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Jul 29, 2005 06:19 PM

Osso Buco question

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I am having company for dinner tomorrow night and am going to serve Osso Buco. Does anyone have experience/opinions on whether cooking the osso buco today, or even tomorrow morning, refridgerating it, and then reheating it will affect the quality of the meal? It would be a huge boon to me if I could, (and do something else I need to do tomorrow afternoon,) but I don't want to compromise the meal. I have actually read some recipes that say it gets even better this way, but I don't know firsthand if that's correct. If you do think it will not compromise the dish, do you have any special tips or suggestions about whether I should cook it to completion and then throw it in the fridge, or whether I should stop at some earlier point in the process and then continue from there? Thanks in advance for your help.

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  1. One of the joys of Osso Buco is that you can make it ahead. Go for it today and enjoy your tomorrow.
    Hint: tie the veal pieces to retain their shape and do not cook it for the full length of time. Cool and refrigerate overnight. (Yes, of course you can remove the congealed fat, but please leave some. Fat is what makes food taste good!) Tomorrow, reheat it gently, continue cooking and make the gremolata fresh. Gremolata does not benefit from sitting - the fresh zing of just-zested lemon mixed with fresh garlic & parsley is best savoured soon after making.

    6 Replies
    1. re: Sherri

      I agree with Sherri completely. Tie 'em to hold their shape, cook to about 30 minutes before done, make the gremolata fresh and leave some fat. Enjoy.

      1. re: Sherri

        I have never made Osso Buco and this may seem like a dumb question and quite obvious... But, when you say "tie" the pieces to maintain their shape, what exactly to you mean--aren't they shanks--how exactly do you tie them, etc.?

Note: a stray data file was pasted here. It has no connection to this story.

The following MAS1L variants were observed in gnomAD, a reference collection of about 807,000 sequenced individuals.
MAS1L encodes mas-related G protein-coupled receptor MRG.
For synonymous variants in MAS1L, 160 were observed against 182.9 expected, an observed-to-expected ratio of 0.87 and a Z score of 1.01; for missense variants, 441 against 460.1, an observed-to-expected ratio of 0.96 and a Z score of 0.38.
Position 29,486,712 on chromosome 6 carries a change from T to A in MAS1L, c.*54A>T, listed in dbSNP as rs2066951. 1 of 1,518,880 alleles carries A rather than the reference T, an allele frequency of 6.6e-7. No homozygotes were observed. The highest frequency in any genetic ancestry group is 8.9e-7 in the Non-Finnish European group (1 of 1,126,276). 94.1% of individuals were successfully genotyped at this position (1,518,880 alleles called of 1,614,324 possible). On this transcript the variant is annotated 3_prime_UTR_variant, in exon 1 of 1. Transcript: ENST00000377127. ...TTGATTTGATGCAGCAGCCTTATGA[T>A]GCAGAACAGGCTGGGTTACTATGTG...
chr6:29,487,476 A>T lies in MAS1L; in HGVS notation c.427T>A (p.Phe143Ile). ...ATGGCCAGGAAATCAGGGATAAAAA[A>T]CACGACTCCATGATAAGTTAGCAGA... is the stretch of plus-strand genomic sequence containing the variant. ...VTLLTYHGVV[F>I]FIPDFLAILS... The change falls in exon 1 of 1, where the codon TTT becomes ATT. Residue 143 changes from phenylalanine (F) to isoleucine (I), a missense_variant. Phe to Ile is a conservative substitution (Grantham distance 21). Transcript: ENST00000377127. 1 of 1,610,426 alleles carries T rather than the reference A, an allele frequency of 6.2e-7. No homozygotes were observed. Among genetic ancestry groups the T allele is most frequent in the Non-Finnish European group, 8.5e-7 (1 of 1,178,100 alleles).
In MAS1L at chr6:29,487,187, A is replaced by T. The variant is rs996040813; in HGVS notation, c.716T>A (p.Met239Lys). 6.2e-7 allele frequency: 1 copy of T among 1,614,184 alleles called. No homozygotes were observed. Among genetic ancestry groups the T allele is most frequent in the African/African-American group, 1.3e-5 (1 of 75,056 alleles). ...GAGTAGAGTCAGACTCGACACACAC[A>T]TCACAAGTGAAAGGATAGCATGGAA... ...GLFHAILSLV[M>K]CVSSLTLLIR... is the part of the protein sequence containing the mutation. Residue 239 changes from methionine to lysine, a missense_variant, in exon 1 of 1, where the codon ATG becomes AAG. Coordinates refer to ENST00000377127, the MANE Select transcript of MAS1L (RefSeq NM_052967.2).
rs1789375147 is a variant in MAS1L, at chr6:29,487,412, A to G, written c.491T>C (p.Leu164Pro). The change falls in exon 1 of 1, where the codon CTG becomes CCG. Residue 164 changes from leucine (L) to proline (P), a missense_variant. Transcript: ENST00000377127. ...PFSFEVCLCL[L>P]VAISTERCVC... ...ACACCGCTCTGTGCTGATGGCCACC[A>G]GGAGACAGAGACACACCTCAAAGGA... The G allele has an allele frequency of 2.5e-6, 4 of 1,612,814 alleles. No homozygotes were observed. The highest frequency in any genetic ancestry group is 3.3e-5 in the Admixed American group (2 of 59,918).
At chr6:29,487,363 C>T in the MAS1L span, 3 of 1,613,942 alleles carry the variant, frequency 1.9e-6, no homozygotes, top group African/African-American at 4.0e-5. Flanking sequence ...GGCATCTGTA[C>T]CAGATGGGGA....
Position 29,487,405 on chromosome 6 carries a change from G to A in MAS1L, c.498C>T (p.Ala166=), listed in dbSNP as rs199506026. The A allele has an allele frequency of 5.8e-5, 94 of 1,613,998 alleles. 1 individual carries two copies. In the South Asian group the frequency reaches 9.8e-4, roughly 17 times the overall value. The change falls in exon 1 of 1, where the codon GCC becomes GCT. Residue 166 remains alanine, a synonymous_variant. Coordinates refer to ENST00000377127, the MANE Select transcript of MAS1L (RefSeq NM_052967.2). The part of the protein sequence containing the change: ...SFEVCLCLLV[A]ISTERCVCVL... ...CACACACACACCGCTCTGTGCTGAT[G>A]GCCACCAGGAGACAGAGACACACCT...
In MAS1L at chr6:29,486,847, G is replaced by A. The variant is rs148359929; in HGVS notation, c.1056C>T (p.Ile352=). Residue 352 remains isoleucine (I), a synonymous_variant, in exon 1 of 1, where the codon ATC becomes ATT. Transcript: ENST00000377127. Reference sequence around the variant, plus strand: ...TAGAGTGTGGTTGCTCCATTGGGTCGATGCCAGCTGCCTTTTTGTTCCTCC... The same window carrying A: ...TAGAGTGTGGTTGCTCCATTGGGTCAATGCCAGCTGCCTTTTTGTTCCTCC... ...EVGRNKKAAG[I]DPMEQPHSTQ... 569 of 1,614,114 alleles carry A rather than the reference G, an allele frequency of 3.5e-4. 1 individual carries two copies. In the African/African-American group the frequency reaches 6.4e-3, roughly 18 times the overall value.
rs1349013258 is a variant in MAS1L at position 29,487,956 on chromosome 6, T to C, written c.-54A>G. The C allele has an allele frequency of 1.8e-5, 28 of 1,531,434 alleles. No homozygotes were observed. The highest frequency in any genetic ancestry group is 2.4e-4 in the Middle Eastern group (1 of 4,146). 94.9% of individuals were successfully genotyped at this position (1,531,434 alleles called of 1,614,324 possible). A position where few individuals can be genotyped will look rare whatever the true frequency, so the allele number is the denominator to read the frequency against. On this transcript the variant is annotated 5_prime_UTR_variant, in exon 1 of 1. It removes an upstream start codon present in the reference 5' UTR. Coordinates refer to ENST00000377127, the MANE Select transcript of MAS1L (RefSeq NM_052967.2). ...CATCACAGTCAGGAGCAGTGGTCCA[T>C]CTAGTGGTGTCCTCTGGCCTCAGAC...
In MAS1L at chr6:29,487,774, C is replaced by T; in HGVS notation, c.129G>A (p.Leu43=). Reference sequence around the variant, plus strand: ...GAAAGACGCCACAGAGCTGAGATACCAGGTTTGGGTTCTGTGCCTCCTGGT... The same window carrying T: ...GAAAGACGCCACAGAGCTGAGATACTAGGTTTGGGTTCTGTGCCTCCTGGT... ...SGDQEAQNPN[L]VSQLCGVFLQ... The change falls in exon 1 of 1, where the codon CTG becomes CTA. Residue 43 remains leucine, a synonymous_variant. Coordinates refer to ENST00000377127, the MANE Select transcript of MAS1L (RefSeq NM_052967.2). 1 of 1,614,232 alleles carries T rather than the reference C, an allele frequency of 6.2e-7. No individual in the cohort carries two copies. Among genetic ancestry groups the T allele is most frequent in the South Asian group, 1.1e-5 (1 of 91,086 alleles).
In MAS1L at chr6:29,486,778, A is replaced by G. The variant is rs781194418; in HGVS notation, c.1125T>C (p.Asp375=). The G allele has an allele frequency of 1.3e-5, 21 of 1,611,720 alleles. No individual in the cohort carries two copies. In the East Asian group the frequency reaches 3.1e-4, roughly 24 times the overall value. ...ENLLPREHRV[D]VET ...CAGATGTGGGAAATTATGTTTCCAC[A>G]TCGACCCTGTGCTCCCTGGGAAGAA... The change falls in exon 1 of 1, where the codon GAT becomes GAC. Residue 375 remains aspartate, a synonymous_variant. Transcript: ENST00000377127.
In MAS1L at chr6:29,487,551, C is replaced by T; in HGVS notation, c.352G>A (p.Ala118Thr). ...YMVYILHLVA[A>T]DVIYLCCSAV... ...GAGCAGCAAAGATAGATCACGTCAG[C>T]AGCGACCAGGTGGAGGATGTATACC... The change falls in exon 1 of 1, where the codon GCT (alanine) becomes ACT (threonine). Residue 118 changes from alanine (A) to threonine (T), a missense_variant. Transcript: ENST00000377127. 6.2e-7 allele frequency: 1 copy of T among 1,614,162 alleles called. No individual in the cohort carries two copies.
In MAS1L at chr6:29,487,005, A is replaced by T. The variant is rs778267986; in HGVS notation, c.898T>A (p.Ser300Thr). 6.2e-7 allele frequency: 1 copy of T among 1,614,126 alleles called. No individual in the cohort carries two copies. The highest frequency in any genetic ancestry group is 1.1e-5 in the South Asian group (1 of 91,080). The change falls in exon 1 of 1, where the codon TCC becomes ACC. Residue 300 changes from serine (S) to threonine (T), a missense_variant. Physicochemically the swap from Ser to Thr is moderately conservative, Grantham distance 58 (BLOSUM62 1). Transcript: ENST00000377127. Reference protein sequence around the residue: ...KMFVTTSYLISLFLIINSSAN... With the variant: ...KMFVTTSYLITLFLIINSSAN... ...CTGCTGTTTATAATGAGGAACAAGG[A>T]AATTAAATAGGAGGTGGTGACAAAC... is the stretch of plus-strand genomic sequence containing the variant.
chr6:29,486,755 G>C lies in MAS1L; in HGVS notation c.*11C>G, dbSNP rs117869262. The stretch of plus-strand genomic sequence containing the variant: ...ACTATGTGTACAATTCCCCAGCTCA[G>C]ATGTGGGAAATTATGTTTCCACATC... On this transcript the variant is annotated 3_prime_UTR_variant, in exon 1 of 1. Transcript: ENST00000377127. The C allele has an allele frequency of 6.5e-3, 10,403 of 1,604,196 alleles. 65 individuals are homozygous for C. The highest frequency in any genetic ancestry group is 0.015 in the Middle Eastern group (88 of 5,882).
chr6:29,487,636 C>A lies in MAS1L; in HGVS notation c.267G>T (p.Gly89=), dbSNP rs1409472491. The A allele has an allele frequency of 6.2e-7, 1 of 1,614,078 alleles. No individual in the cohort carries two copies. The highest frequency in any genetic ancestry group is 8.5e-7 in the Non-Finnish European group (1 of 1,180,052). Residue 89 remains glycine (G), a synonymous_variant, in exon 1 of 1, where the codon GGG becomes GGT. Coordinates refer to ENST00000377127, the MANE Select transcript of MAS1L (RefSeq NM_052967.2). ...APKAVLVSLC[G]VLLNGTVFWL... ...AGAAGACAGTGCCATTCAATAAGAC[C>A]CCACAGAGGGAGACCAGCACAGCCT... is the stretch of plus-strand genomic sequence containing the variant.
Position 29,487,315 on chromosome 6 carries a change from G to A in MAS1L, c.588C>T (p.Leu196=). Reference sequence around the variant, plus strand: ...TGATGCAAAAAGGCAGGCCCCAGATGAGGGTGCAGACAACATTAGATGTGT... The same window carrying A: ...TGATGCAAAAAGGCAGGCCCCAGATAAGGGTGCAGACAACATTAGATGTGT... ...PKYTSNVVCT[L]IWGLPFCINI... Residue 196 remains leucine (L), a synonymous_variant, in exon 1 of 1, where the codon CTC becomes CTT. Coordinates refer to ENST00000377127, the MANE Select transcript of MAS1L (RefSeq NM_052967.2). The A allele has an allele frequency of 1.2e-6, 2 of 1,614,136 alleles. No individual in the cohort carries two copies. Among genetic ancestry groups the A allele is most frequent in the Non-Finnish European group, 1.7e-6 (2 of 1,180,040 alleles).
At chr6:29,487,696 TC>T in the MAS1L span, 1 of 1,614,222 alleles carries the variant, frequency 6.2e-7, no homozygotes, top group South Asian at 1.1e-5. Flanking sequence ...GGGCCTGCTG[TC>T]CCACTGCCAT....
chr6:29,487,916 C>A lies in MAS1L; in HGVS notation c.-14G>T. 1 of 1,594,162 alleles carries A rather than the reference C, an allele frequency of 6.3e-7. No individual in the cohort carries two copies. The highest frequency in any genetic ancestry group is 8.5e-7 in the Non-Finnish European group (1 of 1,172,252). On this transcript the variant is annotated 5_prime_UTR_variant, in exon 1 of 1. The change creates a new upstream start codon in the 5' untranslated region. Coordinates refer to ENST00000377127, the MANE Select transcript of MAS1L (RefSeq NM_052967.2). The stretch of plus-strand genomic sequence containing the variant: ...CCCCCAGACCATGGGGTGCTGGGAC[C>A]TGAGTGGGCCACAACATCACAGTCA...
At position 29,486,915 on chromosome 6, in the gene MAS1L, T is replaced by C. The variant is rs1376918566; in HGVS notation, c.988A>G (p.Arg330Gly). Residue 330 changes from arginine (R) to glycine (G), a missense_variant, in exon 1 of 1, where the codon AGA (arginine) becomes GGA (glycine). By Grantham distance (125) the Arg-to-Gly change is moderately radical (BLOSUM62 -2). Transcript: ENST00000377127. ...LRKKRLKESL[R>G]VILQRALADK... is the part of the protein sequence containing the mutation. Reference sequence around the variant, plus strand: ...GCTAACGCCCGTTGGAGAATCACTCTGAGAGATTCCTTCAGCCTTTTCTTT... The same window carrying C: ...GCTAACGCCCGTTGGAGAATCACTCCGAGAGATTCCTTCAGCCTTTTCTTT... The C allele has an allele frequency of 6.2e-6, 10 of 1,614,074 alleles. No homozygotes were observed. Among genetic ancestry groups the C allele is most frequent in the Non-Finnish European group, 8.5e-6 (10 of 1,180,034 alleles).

1. re: Funwithfood

          There is no such thing as a dumb question, none of us were born knowing how to cook. It is only dumb if you pretend to know something and never learn anything new.
          FYI: according to Marcella Hazan, "ossobuco" in the Milanese dialect means "bone with a hole" or hollow bone, which is exactly how your plate should look after you have sucked every bit of goodness from the delicious marrow!

          If you place the shank piece flat on the counter, the marrow-containing legbone will be in the center of the slice -- think round plate with a circle in the center. Tie the shank around the outside edge, mathmetically it would be the circumference, of the shank slice. A single piece of (100% cotton)+/- 12" butcher twine ought to do it. Trim the ends for neatness. Remove string after cooking & before serving.

          1. re: Sherri

            I should have started my answer one step back. Think of the (vertical) veal shank as a (vertical) tree trunk. The Osso Buco uses the shank, but sliced in (+/- 1.5") horizontal pieces, much like logs would be cut from the tree. The tree rings would be synonymous with the flat sections of the shank, while the bark outside is where you would tie the shank with string, around the whole circumference. Hope this helps clarify the shank-tying. Otherwise, good luck in your new lumberjack career.

            1. re: Sherri

              I've got it, thanks! Maybe I'll give it a try this fall :)

        2. re: Sherri

          better then next day in my opinion. win-win situation!

        3. Mmmm...osso buco. If this outrageous heat didn't make me long for cooler weather, the mention of osso buco put me over the top.